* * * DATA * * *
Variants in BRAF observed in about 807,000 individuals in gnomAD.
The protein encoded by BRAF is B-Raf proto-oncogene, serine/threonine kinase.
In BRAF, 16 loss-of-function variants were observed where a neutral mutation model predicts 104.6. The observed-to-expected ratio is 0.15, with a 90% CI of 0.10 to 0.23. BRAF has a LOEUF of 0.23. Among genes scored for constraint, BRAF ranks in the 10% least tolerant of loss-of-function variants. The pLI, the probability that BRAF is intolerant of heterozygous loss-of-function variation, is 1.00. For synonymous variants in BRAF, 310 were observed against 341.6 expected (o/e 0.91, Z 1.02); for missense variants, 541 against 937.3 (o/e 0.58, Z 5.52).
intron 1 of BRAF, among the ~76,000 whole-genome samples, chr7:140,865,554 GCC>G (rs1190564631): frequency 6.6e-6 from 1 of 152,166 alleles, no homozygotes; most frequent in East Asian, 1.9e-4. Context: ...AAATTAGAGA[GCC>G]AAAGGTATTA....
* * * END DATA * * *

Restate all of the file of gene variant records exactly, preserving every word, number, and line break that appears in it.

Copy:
Variants in BRAF observed in about 807,000 individuals in gnomAD.
The protein encoded by BRAF is B-Raf proto-oncogene, serine/threonine kinase.
In BRAF, 16 loss-of-function variants were observed where a neutral mutation model predicts 104.6. The observed-to-expected ratio is 0.15, with a 90% CI of 0.10 to 0.23. BRAF has a LOEUF of 0.23. Among genes scored for constraint, BRAF ranks in the 10% least tolerant of loss-of-function variants. The pLI, the probability that BRAF is intolerant of heterozygous loss-of-function variation, is 1.00. For synonymous variants in BRAF, 310 were observed against 341.6 expected (o/e 0.91, Z 1.02); for missense variants, 541 against 937.3 (o/e 0.58, Z 5.52).
intron 1 of BRAF, among the ~76,000 whole-genome samples, chr7:140,865,554 GCC>G (rs1190564631): frequency 6.6e-6 from 1 of 152,166 alleles, no homozygotes; most frequent in East Asian, 1.9e-4. Context: ...AAATTAGAGA[GCC>G]AAAGGTATTA....